Breaking Russia’s Naval Blockade

Please see the full text of the Breaking Russia’s Naval Blockade post on Google Docs.


NATO should make breaking Russia’s naval blockade of Ukraine a top, urgent priority

  • Avoid open sea defended convoys; exploit near-shore, territorial waters; go lo-tech, small and numerous; deploy NATO’s most advanced EW and land-based air and missile defenses.
  • Establish a near-shore, shallow-water, defended corridor, entirely within Ukrainian/NATO territorial waters, to move grain and other exports from Odesa to Constanta (with its 4-5m depth canal to the Danube) and further south to Bulgaria and potentially to the Bosporus.
  • Keep Ukraine’s coastal waters and territory (Snake Island) under its control (or at least deny all to Russian forces), necessary for success of larger design.
  • Bring NATO land, air/missile, and naval/maritime power to bear on Russia’s Black Sea Fleet under purely defensive, least escalatory conditions possible.
  • Exploit BSF submarine force’s shallow-water limitations/vulnerability; wear down/deplete surface and logistics forces; present the BSF with a problem it cannot solve.
  • Augment NATO’s coastal mine sweepers to clear/keep clear Odesa and a near-shore sea corridor running southward. (In Ukrainian waters mine sweepers would be “Ukrainian” flagged and manned.)
  • Deploy as many coastal and riverine ships and barges as NATO at large can muster; flood near-shore corridor with laden ships and barges and with multiple false targets to dilute/defeat Russian air/missile attacks, particularly those launched from Crimea/nearby seas. Mask operations with massive land- and sea-based electronic warfare.
  • Deploy Mk VI patrol boats and multiple riverine and coastal craft for security, ISR, and command and control rivers, ports, and coastal zones of operations.
  • Provide dense land-based air/missile defense focused on Ukrainian and NATO air space over territorial waters; enforce a “no-fly zone” of strict geographical limits for specific strategic purpose.
  • Protect Odesa and the near-shore corridor with antisubmarine mine barriers as needed.
  • Deploy multiple land-based anti-ship missiles to force Russian surface ships out of range of land targets and ships and barges operating near shore.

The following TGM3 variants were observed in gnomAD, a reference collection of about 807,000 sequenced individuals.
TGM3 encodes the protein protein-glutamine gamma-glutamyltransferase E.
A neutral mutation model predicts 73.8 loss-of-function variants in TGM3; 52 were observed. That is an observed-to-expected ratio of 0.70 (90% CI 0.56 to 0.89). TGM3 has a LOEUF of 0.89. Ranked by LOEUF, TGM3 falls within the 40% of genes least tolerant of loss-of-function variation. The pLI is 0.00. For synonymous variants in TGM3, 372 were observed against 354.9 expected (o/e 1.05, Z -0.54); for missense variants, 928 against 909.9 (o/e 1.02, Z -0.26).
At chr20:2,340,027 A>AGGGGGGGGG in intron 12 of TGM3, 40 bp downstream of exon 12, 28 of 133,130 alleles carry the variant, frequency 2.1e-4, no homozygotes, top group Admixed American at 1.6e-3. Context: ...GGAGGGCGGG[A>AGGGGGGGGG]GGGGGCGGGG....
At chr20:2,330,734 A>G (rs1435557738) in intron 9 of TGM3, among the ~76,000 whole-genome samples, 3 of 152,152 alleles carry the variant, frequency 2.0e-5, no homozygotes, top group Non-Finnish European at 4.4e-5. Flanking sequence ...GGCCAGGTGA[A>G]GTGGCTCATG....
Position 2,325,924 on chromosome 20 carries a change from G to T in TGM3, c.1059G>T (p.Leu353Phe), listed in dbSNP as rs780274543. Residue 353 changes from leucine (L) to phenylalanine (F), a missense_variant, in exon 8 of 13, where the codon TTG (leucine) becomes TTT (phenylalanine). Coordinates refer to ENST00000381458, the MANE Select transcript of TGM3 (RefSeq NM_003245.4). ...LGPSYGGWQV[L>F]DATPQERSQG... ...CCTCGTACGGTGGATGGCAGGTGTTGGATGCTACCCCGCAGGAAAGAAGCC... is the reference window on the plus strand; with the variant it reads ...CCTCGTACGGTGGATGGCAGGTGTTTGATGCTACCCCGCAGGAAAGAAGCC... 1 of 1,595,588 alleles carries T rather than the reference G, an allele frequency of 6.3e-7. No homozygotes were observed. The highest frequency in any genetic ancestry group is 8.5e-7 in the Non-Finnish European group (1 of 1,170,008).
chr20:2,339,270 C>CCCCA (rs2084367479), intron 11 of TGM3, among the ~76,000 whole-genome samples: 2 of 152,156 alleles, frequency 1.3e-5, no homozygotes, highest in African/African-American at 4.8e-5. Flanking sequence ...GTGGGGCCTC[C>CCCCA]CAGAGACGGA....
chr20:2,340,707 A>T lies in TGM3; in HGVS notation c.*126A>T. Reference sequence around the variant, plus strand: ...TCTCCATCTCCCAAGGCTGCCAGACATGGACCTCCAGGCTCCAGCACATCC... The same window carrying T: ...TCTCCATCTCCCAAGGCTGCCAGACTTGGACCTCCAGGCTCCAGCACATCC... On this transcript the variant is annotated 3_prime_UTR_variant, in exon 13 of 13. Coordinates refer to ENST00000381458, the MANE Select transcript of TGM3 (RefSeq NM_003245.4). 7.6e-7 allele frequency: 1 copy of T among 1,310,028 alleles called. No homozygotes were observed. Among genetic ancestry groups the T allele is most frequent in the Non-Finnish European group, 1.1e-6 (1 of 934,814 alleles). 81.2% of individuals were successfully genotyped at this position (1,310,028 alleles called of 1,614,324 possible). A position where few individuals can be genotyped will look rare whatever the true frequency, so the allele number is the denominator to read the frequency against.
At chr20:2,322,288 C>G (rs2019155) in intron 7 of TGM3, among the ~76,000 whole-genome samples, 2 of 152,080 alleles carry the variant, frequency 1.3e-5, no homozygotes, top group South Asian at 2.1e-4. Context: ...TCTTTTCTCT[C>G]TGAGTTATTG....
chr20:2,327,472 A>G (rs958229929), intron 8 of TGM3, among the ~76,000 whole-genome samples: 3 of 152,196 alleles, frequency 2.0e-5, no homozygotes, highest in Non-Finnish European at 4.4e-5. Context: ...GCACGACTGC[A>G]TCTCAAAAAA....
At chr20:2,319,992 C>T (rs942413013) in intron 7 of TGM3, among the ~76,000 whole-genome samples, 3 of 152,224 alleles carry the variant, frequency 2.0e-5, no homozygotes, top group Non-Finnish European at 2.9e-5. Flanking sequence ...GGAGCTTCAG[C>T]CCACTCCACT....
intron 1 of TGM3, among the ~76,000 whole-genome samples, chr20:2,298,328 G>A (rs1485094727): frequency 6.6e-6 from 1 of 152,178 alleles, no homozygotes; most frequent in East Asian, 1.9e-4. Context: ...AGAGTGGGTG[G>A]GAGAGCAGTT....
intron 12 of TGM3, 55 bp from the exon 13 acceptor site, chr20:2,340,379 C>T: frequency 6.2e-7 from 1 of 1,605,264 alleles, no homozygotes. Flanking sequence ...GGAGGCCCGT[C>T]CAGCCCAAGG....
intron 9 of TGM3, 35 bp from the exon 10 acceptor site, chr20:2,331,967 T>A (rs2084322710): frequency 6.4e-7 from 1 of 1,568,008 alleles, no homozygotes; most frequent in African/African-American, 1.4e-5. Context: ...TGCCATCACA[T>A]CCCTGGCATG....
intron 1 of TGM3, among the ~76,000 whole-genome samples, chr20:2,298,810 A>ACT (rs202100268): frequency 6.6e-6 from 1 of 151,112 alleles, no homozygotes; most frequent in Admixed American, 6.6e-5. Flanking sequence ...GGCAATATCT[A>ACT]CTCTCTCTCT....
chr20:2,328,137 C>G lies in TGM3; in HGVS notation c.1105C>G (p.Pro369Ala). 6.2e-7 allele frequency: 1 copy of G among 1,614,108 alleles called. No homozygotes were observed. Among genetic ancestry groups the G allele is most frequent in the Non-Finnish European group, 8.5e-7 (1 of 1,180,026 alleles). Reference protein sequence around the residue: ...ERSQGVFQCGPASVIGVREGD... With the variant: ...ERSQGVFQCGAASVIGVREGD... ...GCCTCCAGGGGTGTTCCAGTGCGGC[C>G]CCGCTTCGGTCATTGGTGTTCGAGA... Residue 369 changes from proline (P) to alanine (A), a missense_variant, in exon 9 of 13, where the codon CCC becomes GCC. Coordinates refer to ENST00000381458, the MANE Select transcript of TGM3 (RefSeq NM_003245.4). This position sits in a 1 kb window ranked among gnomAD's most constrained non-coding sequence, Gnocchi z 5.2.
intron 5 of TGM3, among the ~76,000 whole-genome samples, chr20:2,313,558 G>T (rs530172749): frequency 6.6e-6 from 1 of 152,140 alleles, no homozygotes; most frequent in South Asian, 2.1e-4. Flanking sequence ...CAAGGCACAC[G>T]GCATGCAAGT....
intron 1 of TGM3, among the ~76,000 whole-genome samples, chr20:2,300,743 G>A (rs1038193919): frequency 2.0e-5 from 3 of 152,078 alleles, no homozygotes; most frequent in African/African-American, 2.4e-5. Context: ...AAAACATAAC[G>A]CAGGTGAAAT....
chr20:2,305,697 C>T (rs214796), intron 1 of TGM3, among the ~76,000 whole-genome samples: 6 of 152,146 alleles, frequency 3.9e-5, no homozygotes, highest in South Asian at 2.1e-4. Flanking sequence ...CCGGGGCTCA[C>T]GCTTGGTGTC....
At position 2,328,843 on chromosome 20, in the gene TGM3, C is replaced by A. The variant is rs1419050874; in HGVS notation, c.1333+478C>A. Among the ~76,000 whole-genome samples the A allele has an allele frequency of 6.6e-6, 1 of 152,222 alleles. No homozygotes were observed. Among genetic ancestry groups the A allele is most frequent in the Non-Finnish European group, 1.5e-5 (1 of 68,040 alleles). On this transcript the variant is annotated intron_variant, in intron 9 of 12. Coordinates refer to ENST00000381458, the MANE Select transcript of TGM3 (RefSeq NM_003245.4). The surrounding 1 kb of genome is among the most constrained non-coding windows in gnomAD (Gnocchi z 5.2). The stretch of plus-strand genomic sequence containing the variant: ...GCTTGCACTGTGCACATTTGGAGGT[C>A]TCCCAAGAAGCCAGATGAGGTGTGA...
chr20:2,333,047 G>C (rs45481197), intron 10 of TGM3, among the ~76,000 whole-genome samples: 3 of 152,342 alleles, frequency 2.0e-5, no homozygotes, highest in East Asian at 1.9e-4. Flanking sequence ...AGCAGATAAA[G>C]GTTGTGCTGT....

• Help Ukraine hold and control Odesa and the land and riverine LOCs that connect it with upstream grain storage depots; augment transport capacity to store and move grain and other goods southward from dispersed riverine locations.
  • Seek NATO’s political approval of these plans—the least escalatory possible —to answer Russia’s blockade which has been a signal success and adds to Russia’s strategic leverage over Ukraine and NATO in general.
  • Restore Ukraine’s diminished sovereignty; defeat BSF in its main offensive mission; open Ukraine’s economy to vital exports; cast NATO and its navies into selfless role of worldwide famine relief.
  • Harden the West’s currently defenseless seaward approaches to its southern flank; provide strategic seaward glacis from Odesa south to Turkish border (possibly to the Bosporus); show Black Sea is not Russia’s lake.

Analysis is urgently needed to determine whether a design of this kind is operationally and politically feasible with existing NATO civil and military resources/capabilities. At a minimum, blockade-busting action must surely be better than continuing current policy: Accept Russia’s victory; do absolutely nothing.

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  1. There’s just no stopping you, Clio. I’ll give you a call tomorrow. Hope all is well.




  2. Thank you Brad for this thoughtful plan. I have argued for the need to break the blockade. My best, John Rodgaard



    1. John,
      Glad to hear your thinking goes to blockade-busting too. Have you seen the RAND paper that advocates a near-shore defended corridor (RAND, “Unblocking the Black Sea for Ukrainian Grain”
      COMMENTARY (The Hill) by Bradley Martin and William Courtney, June 15, 2022)? Meanwhile, the harvest starts in less than a month and there’s nowhere to store the grain. The Administration has talked of building temporary silos in Poland. Far better would be lending Ukraine 50+ barges, stow the new grain in them in dispersed riverine locations, and await southern movement when defended convoys start. And while we’re at it, immediately lend Ukraine a dozen coastal mine sweepers to clear Odesa and approaches and to counter possible Russian mining. Let’s stay in touch. Brad


      1. Just curious Brad, have you received any feedback from Admiral Stravidis? I heard him on MSNBC recently, and he said that the next phase in the war will be one at sea. My best. John


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